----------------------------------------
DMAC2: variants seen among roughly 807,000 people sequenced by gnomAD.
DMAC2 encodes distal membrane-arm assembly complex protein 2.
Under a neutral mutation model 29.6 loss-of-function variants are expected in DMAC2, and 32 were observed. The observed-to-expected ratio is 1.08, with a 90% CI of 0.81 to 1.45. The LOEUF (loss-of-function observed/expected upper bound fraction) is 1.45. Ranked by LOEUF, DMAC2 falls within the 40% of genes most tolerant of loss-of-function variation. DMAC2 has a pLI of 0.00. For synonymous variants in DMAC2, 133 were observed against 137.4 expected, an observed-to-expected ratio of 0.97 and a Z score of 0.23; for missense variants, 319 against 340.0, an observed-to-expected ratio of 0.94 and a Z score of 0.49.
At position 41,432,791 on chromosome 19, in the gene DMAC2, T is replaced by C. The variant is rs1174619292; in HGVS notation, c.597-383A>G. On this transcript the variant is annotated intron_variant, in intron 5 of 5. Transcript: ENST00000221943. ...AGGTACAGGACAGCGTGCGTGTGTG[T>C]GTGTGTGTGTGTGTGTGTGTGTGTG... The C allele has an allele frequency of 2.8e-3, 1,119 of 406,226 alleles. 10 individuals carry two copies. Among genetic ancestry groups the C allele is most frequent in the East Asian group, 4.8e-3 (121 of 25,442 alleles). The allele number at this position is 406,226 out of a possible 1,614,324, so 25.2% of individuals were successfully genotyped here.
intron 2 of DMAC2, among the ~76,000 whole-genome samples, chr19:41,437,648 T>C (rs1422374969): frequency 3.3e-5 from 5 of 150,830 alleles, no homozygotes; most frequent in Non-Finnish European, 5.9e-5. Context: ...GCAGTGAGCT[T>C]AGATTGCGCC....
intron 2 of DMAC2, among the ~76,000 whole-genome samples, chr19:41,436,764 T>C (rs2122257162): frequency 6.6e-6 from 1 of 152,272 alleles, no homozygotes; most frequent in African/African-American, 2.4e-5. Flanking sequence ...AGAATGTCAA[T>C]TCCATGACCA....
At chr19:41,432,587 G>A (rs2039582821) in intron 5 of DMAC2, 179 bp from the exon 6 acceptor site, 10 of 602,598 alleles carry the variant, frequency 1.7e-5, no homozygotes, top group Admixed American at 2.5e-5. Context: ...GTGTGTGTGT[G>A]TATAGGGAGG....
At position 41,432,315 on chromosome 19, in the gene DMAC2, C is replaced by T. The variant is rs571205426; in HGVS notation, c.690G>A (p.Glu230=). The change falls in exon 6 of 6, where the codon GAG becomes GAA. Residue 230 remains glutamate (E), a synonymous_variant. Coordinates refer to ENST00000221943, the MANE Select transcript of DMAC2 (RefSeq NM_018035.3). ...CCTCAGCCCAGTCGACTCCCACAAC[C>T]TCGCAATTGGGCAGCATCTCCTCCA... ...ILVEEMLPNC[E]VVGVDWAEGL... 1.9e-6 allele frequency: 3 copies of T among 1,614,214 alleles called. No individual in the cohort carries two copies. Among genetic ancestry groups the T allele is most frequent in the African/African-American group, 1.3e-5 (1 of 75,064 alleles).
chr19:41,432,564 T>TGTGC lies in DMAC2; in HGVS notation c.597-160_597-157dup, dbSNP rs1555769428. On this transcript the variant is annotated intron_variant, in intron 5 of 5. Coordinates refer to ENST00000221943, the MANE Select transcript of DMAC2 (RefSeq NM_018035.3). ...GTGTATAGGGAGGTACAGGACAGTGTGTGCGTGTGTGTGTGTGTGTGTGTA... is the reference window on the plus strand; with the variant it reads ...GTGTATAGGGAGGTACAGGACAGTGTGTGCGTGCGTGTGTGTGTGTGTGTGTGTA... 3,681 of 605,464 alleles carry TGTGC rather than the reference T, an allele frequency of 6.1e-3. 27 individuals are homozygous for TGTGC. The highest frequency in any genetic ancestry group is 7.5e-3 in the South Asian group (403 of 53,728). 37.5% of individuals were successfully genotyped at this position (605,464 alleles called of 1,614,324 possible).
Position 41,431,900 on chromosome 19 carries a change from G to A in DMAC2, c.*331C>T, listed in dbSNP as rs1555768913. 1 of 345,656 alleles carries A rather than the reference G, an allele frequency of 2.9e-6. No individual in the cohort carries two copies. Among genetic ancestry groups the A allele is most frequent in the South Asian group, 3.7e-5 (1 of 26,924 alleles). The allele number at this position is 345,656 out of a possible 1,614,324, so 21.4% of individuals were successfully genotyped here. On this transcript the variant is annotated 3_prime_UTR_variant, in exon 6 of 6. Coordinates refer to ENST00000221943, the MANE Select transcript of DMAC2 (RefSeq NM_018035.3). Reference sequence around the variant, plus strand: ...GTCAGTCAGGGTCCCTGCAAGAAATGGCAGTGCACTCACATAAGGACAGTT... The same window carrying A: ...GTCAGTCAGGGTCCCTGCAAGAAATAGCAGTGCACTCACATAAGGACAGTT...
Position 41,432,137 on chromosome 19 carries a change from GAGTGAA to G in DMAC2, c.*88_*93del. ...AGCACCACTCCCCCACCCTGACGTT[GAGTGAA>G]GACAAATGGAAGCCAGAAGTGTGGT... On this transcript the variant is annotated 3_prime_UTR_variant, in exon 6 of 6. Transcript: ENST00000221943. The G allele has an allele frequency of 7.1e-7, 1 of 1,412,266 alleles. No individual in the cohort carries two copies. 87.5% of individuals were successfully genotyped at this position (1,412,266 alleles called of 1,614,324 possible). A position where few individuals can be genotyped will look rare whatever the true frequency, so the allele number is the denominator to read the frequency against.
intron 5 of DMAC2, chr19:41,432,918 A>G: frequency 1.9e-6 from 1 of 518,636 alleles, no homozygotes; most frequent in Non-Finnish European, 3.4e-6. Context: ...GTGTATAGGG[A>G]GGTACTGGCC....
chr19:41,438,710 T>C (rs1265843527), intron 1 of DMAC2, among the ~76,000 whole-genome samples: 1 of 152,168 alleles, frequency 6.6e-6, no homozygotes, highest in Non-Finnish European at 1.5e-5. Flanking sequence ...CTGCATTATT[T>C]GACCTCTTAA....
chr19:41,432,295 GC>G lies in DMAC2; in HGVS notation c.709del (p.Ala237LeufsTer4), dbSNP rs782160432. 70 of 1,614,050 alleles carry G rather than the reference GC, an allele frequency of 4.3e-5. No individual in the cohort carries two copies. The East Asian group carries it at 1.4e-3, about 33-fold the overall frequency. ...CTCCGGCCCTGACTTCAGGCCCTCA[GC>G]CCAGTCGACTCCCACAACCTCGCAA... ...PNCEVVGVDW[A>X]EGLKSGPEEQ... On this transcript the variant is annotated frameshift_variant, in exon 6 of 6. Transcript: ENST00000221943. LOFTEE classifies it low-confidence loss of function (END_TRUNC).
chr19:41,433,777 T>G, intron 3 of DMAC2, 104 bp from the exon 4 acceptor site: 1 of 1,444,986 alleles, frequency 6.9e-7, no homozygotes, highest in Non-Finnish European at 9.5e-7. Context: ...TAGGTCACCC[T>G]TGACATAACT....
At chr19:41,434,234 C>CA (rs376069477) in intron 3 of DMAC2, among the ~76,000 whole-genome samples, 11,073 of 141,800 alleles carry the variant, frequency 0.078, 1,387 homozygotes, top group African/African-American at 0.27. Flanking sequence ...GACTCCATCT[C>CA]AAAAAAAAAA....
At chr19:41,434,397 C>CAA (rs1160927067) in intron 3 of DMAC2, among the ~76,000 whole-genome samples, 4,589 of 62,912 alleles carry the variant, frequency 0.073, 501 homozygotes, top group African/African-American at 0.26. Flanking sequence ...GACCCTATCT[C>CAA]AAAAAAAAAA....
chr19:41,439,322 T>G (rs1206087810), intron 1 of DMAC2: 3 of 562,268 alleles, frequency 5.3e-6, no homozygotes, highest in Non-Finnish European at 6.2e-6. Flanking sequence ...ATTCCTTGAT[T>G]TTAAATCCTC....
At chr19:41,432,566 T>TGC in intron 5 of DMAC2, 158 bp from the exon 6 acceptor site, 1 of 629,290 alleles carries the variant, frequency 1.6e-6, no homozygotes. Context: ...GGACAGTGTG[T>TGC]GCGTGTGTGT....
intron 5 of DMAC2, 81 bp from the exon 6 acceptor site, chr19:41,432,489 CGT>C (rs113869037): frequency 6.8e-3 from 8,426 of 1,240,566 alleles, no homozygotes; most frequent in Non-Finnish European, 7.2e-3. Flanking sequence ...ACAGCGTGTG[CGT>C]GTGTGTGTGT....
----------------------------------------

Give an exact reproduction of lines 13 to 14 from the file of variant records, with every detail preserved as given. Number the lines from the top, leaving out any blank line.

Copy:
chr19:41,438,710 T>C (rs1265843527), intron 1 of DMAC2, among the ~76,000 whole-genome samples: 1 of 152,168 alleles, frequency 6.6e-6, no homozygotes, highest in Non-Finnish European at 1.5e-5. Flanking sequence ...CTGCATTATT[T>C]GACCTCTTAA....
chr19:41,432,295 GC>G lies in DMAC2; in HGVS notation c.709del (p.Ala237LeufsTer4), dbSNP rs782160432. 70 of 1,614,050 alleles carry G rather than the reference GC, an allele frequency of 4.3e-5. No individual in the cohort carries two copies. The East Asian group carries it at 1.4e-3, about 33-fold the overall frequency. ...CTCCGGCCCTGACTTCAGGCCCTCA[GC>G]CCAGTCGACTCCCACAACCTCGCAA... ...PNCEVVGVDW[A>X]EGLKSGPEEQ... On this transcript the variant is annotated frameshift_variant, in exon 6 of 6. Transcript: ENST00000221943. LOFTEE classifies it low-confidence loss of function (END_TRUNC).